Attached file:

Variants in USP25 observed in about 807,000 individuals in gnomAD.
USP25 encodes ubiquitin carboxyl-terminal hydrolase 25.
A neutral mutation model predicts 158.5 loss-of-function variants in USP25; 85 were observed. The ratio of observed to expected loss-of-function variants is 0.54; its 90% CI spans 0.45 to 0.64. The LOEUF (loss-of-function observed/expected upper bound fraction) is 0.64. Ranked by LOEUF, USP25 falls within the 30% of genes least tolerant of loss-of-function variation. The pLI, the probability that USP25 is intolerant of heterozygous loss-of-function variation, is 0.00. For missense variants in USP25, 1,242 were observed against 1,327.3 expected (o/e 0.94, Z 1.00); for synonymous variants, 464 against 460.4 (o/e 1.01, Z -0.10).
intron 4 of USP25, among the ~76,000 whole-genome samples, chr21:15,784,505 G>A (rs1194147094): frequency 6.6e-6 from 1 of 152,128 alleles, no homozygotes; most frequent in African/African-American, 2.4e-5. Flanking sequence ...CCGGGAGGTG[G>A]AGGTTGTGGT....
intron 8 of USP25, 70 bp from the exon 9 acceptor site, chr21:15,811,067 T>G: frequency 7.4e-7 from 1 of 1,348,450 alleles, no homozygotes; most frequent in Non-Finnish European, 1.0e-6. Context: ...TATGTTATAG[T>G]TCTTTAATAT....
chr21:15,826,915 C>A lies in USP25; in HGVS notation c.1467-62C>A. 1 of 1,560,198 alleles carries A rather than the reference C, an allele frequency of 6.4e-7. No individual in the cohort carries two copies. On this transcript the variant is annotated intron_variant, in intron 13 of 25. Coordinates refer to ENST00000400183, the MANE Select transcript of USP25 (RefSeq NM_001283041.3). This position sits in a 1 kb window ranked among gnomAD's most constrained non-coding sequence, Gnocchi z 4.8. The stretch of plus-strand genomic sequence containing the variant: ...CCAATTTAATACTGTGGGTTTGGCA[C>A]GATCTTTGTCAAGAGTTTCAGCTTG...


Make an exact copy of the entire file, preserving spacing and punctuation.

Variants in USP25 observed in about 807,000 individuals in gnomAD.
USP25 encodes ubiquitin carboxyl-terminal hydrolase 25.
A neutral mutation model predicts 158.5 loss-of-function variants in USP25; 85 were observed. The ratio of observed to expected loss-of-function variants is 0.54; its 90% CI spans 0.45 to 0.64. The LOEUF (loss-of-function observed/expected upper bound fraction) is 0.64. Ranked by LOEUF, USP25 falls within the 30% of genes least tolerant of loss-of-function variation. The pLI, the probability that USP25 is intolerant of heterozygous loss-of-function variation, is 0.00. For missense variants in USP25, 1,242 were observed against 1,327.3 expected (o/e 0.94, Z 1.00); for synonymous variants, 464 against 460.4 (o/e 1.01, Z -0.10).
intron 4 of USP25, among the ~76,000 whole-genome samples, chr21:15,784,505 G>A (rs1194147094): frequency 6.6e-6 from 1 of 152,128 alleles, no homozygotes; most frequent in African/African-American, 2.4e-5. Flanking sequence ...CCGGGAGGTG[G>A]AGGTTGTGGT....
intron 8 of USP25, 70 bp from the exon 9 acceptor site, chr21:15,811,067 T>G: frequency 7.4e-7 from 1 of 1,348,450 alleles, no homozygotes; most frequent in Non-Finnish European, 1.0e-6. Context: ...TATGTTATAG[T>G]TCTTTAATAT....
chr21:15,826,915 C>A lies in USP25; in HGVS notation c.1467-62C>A. 1 of 1,560,198 alleles carries A rather than the reference C, an allele frequency of 6.4e-7. No individual in the cohort carries two copies. On this transcript the variant is annotated intron_variant, in intron 13 of 25. Coordinates refer to ENST00000400183, the MANE Select transcript of USP25 (RefSeq NM_001283041.3). This position sits in a 1 kb window ranked among gnomAD's most constrained non-coding sequence, Gnocchi z 4.8. The stretch of plus-strand genomic sequence containing the variant: ...CCAATTTAATACTGTGGGTTTGGCA[C>A]GATCTTTGTCAAGAGTTTCAGCTTG...